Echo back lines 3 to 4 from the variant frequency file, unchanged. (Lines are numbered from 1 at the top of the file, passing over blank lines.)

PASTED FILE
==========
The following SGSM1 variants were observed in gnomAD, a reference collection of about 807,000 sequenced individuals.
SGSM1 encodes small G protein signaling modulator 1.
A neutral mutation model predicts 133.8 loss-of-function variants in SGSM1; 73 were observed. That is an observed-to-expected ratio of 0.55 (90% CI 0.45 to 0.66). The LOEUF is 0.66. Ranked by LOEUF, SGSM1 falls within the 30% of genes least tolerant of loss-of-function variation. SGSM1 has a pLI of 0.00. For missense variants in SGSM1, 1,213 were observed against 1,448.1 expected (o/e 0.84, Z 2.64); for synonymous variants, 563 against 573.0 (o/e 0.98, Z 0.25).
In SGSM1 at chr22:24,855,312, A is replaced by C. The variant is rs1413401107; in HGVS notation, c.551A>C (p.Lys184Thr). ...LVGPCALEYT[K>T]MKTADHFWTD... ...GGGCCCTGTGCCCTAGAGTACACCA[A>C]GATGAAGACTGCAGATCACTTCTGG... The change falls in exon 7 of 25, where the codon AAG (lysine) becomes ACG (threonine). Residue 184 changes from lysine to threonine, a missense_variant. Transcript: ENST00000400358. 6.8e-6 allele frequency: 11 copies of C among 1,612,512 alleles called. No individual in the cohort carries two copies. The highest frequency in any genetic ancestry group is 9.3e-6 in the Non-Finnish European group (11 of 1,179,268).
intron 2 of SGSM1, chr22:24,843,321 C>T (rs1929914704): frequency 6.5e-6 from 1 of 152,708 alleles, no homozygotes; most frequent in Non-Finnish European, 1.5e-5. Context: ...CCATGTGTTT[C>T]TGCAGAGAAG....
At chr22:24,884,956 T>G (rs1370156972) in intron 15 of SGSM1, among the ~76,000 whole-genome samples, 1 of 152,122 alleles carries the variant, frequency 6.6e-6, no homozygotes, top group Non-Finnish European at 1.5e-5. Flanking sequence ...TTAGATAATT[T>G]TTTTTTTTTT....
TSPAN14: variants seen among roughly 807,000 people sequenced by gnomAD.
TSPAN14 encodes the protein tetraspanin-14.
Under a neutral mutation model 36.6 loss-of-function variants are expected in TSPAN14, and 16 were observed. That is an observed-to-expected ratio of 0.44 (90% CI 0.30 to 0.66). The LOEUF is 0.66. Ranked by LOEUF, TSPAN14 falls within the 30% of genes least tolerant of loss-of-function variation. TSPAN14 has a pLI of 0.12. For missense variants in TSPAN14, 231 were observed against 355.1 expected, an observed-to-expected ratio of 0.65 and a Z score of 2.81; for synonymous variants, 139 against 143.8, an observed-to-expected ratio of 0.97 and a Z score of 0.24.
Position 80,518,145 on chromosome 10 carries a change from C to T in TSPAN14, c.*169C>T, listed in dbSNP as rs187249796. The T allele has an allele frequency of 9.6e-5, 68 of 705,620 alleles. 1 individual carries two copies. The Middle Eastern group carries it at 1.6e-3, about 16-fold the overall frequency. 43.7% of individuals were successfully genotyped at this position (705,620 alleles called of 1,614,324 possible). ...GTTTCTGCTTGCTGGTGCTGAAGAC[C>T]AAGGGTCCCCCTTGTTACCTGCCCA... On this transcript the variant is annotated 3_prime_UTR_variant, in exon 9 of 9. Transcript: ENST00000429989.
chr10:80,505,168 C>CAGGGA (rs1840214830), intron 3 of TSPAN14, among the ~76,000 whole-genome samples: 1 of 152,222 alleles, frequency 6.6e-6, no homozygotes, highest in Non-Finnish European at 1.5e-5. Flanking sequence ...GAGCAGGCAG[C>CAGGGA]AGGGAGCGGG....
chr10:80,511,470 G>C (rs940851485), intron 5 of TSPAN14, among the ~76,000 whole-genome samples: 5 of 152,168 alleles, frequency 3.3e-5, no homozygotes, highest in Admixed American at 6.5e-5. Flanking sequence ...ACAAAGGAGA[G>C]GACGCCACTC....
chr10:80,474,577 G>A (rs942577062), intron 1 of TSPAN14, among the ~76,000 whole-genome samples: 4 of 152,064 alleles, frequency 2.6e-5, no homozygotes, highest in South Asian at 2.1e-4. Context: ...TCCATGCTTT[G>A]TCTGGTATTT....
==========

A neutral mutation model predicts 133.8 loss-of-function variants in SGSM1; 73 were observed. That is an observed-to-expected ratio of 0.55 (90% CI 0.45 to 0.66). The LOEUF is 0.66. Ranked by LOEUF, SGSM1 falls within the 30% of genes least tolerant of loss-of-function variation. SGSM1 has a pLI of 0.00. For missense variants in SGSM1, 1,213 were observed against 1,448.1 expected (o/e 0.84, Z 2.64); for synonymous variants, 563 against 573.0 (o/e 0.98, Z 0.25).
In SGSM1 at chr22:24,855,312, A is replaced by C. The variant is rs1413401107; in HGVS notation, c.551A>C (p.Lys184Thr). ...LVGPCALEYT[K>T]MKTADHFWTD... ...GGGCCCTGTGCCCTAGAGTACACCA[A>C]GATGAAGACTGCAGATCACTTCTGG... The change falls in exon 7 of 25, where the codon AAG (lysine) becomes ACG (threonine). Residue 184 changes from lysine to threonine, a missense_variant. Transcript: ENST00000400358. 6.8e-6 allele frequency: 11 copies of C among 1,612,512 alleles called. No individual in the cohort carries two copies. The highest frequency in any genetic ancestry group is 9.3e-6 in the Non-Finnish European group (11 of 1,179,268).